Compton itself tends to perform near the middle or towards the bottom of its group of peer institutions. But while Compton’s performance is historically the lowest on some of these measures, it typically shows more growth and improvement than any other peer institution. Likewise, Compton’s academic performance rates seem to be continuously improving, rather than the declines or fluctuations seen at other schools. In other words, Compton tends to make progress even when its peer institutions are facing declines.
There are plenty more tables, charts, and graphs than the ones above, so if you’d like to read the reports (or just look at the data), the links are posted below:
By Joshua Meadors
The new Degrees & Certificates report is here! It covers the trends in awards received by El Camino College (ECC) and ECC Compton Center students from 2009-10 to 2013-14. Although the number of awards at both locations has decreased compared to the previous year, 2013-14 still yielded the second highest award count in the past five years.
At ECC, the number of degrees decreased by 3% and certificates decreased by 21%. However, the number of Associate of Arts for Transfer (A.A.-T) degrees grew substantially, with 118 A.A.-T degrees awarded for the 2013-14 academic year. Each of the three majors awarding A.A.-T degrees (i.e., Psychology, Sociology, and Communication) showed an increase compared to the previous year, even though the previous year (2012-13) was a peak year for awards distributed at ECC. There were relatively small changes in the number degrees and certificates awarded by any given major, but some of the largest increases occurred among majors offering A.A.-T degrees and STEM-related majors.
At ECC Compton Center, the number of degrees decreased by 7% but there was no change in the number of certificates. Similarly to ECC, Compton Center also showed an increase in the number of A.A.-T degrees awarded, despite the previous year being a peak year. Although the number of degrees and certificates awarded by each major in 2013-14 has remained relatively stable compared to the previous year, there has been significant five-year growth in degrees and certificates awarded by virtually every major at the Compton Center.
Overall, ECC is showing a five-year growth of 43% in terms of awards distributed, and ECC Compton Center is showing a five-year growth of 53% in terms of awards distributed. Combined, both locations show a five-year growth of 52% for degrees awarded and 19% for certificates awarded (44% for all awards distributed), indicating considerable student progress has been made over these past few years. Only time (and more data) will tell what the future holds for trends in ECC and Compton Center award distributions, but both locations are nevertheless on course to meet their established goals by 2019-20.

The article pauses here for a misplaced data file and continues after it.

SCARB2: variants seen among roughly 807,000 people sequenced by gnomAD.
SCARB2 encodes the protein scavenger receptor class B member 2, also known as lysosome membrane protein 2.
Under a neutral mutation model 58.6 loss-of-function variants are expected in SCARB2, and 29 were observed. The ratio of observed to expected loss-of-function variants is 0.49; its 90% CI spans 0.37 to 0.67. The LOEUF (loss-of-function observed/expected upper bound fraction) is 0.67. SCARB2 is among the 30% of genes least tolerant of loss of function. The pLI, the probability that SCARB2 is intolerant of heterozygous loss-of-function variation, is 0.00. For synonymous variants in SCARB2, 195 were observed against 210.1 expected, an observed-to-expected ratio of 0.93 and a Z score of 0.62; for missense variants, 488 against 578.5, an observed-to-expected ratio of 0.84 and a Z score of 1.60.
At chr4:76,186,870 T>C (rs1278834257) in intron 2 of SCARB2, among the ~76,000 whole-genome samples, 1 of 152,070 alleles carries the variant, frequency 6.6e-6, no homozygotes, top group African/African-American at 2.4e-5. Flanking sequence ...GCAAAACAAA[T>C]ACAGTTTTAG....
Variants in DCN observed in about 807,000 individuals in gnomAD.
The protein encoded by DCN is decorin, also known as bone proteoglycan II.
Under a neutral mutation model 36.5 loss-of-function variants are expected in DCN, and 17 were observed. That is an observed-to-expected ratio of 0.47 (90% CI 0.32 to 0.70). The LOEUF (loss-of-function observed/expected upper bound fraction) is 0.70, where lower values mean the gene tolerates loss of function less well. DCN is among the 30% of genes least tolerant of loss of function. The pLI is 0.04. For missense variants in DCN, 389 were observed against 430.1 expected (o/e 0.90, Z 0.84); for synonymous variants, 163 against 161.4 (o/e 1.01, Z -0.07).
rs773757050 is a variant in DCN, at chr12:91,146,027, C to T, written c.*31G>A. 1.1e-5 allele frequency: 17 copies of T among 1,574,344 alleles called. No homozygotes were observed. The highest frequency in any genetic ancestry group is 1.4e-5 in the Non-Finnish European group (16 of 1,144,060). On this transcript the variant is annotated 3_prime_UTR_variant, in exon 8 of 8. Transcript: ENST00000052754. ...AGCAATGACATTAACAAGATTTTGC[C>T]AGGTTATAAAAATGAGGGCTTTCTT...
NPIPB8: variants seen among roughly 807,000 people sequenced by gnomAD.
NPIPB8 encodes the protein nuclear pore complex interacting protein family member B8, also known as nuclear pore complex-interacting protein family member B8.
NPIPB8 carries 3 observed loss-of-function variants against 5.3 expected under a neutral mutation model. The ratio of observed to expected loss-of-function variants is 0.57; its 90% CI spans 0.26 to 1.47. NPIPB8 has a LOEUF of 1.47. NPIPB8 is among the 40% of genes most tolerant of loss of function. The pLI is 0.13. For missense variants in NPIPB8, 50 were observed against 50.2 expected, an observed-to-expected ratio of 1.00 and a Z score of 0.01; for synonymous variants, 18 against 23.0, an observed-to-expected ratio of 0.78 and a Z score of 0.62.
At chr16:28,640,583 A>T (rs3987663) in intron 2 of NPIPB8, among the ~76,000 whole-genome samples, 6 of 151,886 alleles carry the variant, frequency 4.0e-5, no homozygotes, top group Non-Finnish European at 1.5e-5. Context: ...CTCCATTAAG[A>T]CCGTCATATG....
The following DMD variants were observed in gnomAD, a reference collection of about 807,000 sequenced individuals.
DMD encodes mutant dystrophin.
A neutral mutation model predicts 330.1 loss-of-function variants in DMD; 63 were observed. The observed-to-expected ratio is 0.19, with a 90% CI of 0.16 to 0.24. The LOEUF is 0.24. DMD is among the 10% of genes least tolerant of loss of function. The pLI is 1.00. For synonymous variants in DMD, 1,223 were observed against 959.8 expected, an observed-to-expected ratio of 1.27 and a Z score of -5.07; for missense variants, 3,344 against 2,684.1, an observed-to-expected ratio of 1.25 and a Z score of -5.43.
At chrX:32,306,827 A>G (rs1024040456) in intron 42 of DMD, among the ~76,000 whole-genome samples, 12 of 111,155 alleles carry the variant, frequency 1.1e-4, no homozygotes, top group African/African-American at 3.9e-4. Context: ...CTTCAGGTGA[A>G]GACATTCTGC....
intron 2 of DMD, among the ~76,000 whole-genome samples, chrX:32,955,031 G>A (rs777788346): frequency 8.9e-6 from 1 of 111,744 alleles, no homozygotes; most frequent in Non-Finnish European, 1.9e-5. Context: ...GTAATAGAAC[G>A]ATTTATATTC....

As you can see from these charts, there’s plenty more data than we could ever fit into a blog post, so be sure to check out the official report!
El Camino College is extending an invitation to all students who are interested in sharing their experience with Financial Aid. The focus groups are scheduled from 12:30-2pm in Administration 131 on Tuesday–March 31, Thursday–April 2nd or Tuesday–April 7th.Participants will receive food and a special gift bag for their time and effort. Space is limited, so please register by emailing email@example.com or by calling 1 (310) 660-3593 ext. 6402.
By Joshua Rosales
An infographic produced by the Minority Male Community College Collaborative (M2C3) out of San Diego State University illustrates one of the problems community colleges must tackle. Looking at data from the CCCCO Datamart, most likely using data from the http://scorecard.cccco.edu/scorecard.aspx, the researchers at M2C3 show how well males of different ethnic/racial groups are doing when starting at remedial, defined as below transfer level, math and English courses. The outcome desired is successful completion of a college level course in the same subject within six years. The graphics clearly show African-American, Latino, and Native American students complete the college level course at lower rates than the State average and lower than White or Asian students and the authors claim this shows the community colleges need to revamp the remediation approach.